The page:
Simon Thomas has been utilising an SSL Fusion while out on the road with American singer-songwriter, Halsey, to complement her vocal-driven production. From power pop to cleverly distorted sonics, the Fusion is a permanent feature on her vocal buss.
Thomas started out in the industry as a lighting operator in the world of amateur dramatics, and because ‘no-one wanted to do sound’ he volunteered, soon moving into professional theatre and hospital radio, and eventually joining Britannia Row in the ’90s as one of the then ‘new school’ engineers. He worked as a monitor engineer initially – and for a number of A-list artists including Lighthouse Family, Moby, and Machine Head. Further down the road, he moved onto FOH, and has been working at the very top level ever since. After completing Ariana Grande’s recent Dangerous Woman tour, he got the call to do Halsey.
“I was only going to do it for three months, but I’ve been here two years,” he smiled. “We’ve been through trials and tribulations, and Halsey has consistently evolved, and she does steady business. She has a lot of cred, too, and her catalogue of music is really fascinating. I wonder how she comes up with half of it to be honest, as the versatility of her music is insane.”
For the last tour, which wrapped up on 12 March at Manchester Arena, Thomas started off on an SSL L200 console, as he liked how compact it was – but with growing production needs, he switched to an L550, provided by US rental house, Eighth Day.
“The L550 has been very extensively used, and I have some tasty outboard too, including the SSL Fusion, which is across the vocal stems,” Thomas explained, adding that he also has a Bricasti, a C2 compressor, an old TC finaliser for his tracked BVs, a couple of Distressors, a Lake EQ, and a Primary Source Enhancer in his rack.
“The thing is, all of this analogue kit just complements the console – there is still nothing that touches it, sonically. There are a lot of blogs out there which discuss analogue versus digital, but the results I get from my L550 are equally as good as what I got out of any analogue board. That is how good this console actually is,” Thomas added. “Also, if you imagine the amount of kit I’d have to carry around with an analogue console to get the same results as this L550, it would be ridiculous! It’s such a great analogue sounding console in digital format, with recall. It can’t get much better, can it?”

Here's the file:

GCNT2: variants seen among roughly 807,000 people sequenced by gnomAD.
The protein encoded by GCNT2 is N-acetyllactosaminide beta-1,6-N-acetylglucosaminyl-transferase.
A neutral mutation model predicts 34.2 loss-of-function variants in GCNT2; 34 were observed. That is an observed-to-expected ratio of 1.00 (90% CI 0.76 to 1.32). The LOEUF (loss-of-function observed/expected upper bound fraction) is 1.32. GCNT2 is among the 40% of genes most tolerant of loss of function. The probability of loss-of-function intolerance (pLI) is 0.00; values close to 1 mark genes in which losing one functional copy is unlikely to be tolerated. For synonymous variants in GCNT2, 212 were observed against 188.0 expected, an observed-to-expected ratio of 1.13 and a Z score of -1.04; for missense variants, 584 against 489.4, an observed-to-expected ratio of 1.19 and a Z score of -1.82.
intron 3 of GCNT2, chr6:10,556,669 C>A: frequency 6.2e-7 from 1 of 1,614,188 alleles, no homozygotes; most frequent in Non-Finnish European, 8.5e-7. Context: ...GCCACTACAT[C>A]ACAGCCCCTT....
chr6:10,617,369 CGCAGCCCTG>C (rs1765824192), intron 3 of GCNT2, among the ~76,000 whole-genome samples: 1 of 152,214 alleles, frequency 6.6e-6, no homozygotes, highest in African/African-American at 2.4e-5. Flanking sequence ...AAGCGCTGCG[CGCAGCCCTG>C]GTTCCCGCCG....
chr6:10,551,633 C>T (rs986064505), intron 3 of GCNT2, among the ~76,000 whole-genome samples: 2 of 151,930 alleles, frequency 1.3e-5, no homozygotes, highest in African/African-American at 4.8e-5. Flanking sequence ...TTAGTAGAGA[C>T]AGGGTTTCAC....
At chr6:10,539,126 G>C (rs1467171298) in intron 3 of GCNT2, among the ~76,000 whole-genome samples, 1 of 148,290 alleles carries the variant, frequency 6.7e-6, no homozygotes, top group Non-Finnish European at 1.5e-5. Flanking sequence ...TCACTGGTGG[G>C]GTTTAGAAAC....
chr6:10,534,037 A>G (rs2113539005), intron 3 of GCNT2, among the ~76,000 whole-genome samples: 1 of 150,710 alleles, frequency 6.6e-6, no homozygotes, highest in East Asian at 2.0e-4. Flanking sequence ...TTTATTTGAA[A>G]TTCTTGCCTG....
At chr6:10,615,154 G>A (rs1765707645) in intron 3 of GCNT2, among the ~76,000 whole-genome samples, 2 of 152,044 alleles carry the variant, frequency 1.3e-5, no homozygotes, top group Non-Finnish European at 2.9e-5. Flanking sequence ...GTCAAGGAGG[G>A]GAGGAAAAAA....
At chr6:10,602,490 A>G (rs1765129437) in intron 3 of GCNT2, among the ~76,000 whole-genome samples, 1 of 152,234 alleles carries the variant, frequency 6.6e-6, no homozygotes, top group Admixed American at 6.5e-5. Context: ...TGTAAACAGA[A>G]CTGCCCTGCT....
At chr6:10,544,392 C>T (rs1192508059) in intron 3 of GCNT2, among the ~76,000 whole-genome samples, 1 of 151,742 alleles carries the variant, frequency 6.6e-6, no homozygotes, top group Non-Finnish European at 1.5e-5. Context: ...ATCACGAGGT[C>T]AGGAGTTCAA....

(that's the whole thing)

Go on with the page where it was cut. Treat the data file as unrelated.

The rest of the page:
Halsey’s vocal comes into the head amp on the L550, then at insert point A there is a Distressor and Primary Source Enhancer; next, it goes into the console’s EQ before it all feeds into a stereo stem, and ‘the magic sauce’ is applied. Enter SSL Fusion. Thomas said: “As soon as we first turned the Fusion on and punched a few buttons, we went ‘how can that be possible? How can it make my vocal sound twice as loud without causing any feedback just by turning the thing on?’ We found it so fascinating.”
Thomas is using Fusion in various ways because Halsey’s production is so vocal-driven, and because of the nature of Halsey’s songs – they’re so varied and extreme. Thomas likes to work with what he calls his straightforward clean pop sound as well as his driven, dynamic distortion.
“What we are doing is driving into the stem, whch is the really great bit,” he enthused. “So the Vintage Drive setting [on Fusion] varies from what I call my clean vocal, which is Drive and Density both set at five, to pinning it at 11 for songs such as Experiment Me, which is a metal song with a distorted vocal. I literally have the Drive pinned in the red at 11 – and it doesn’t come out! So you get this distorted vocal, but you get the true harmonics of the distortion rather than a guitar-type distortion.
“Then that leads into the Violet section, with the low end set at 90 and the top end at 16 boosted by anything from 1.5-3dB which, depending on the song, I am reining back in hard on the High Frequency compressor – set to about 10k, and at some points it’s down by -3dB just to really push it down. So it opens it up, then slams it down when she is screaming, basically. It’s such a great creative tool. In many ways, it’s the Density which is the key to this unit – you just have to make sure you’re getting that drive into the rest of the sections.”
Thomas admits that he wouldn’t say no to a whole rack of Fusions. “We have laughed about it: ‘shall we have a rack full of those next time?’ But I’d really like to try it on playback,” he revealed. “The thing with modern playback stuff is, a lot of it is recorded at 44.1, and we run at 96k; people say there isn’t a real difference, but there is a difference. The one thing about track stuff is that you do need to rein in the top end, but dynamically, so it is working and still ‘breathing’. And I think the advantage of using Fusion here is to get some nice Drive and Density going there, some nice EQ, and that top end compression which is super useful in track stuff.”
Thomas said Fusion has ultimately transformed his vocal production workflow: “I absolutely love this machine; I cannot explain the fun me and my systems guy have comparing bypass, no bypass, going back and forth. We laugh each day not believing it can do what it does. I also think if I could find the right compressor with a parallel function on it, I could use the side chain and punch Fusion in there, too. There really are so many possibilities.”